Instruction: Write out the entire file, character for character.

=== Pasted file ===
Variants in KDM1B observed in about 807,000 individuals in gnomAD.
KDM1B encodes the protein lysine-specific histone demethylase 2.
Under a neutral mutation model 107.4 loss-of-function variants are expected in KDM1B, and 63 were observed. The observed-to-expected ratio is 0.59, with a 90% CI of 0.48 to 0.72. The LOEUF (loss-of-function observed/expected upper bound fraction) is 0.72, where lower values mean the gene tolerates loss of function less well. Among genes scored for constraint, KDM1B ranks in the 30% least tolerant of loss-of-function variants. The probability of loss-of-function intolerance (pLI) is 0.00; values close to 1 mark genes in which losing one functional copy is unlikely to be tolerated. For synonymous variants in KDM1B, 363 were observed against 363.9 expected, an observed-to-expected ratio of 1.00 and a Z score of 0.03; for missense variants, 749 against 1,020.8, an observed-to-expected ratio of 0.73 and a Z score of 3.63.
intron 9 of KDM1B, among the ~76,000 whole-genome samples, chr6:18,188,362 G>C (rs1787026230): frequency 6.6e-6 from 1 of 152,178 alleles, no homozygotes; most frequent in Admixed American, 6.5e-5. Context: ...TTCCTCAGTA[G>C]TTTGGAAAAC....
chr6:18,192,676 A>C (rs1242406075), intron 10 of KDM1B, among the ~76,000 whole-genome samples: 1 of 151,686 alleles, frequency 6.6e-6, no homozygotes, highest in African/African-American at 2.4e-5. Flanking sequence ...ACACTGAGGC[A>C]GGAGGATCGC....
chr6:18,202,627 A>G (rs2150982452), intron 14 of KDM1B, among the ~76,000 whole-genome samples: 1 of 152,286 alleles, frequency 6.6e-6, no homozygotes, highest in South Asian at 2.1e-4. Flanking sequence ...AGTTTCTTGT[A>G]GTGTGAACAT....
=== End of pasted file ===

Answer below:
Variants in KDM1B observed in about 807,000 individuals in gnomAD.
KDM1B encodes the protein lysine-specific histone demethylase 2.
Under a neutral mutation model 107.4 loss-of-function variants are expected in KDM1B, and 63 were observed. The observed-to-expected ratio is 0.59, with a 90% CI of 0.48 to 0.72. The LOEUF (loss-of-function observed/expected upper bound fraction) is 0.72, where lower values mean the gene tolerates loss of function less well. Among genes scored for constraint, KDM1B ranks in the 30% least tolerant of loss-of-function variants. The probability of loss-of-function intolerance (pLI) is 0.00; values close to 1 mark genes in which losing one functional copy is unlikely to be tolerated. For synonymous variants in KDM1B, 363 were observed against 363.9 expected, an observed-to-expected ratio of 1.00 and a Z score of 0.03; for missense variants, 749 against 1,020.8, an observed-to-expected ratio of 0.73 and a Z score of 3.63.
intron 9 of KDM1B, among the ~76,000 whole-genome samples, chr6:18,188,362 G>C (rs1787026230): frequency 6.6e-6 from 1 of 152,178 alleles, no homozygotes; most frequent in Admixed American, 6.5e-5. Context: ...TTCCTCAGTA[G>C]TTTGGAAAAC....
chr6:18,192,676 A>C (rs1242406075), intron 10 of KDM1B, among the ~76,000 whole-genome samples: 1 of 151,686 alleles, frequency 6.6e-6, no homozygotes, highest in African/African-American at 2.4e-5. Flanking sequence ...ACACTGAGGC[A>C]GGAGGATCGC....
chr6:18,202,627 A>G (rs2150982452), intron 14 of KDM1B, among the ~76,000 whole-genome samples: 1 of 152,286 alleles, frequency 6.6e-6, no homozygotes, highest in South Asian at 2.1e-4. Flanking sequence ...AGTTTCTTGT[A>G]GTGTGAACAT....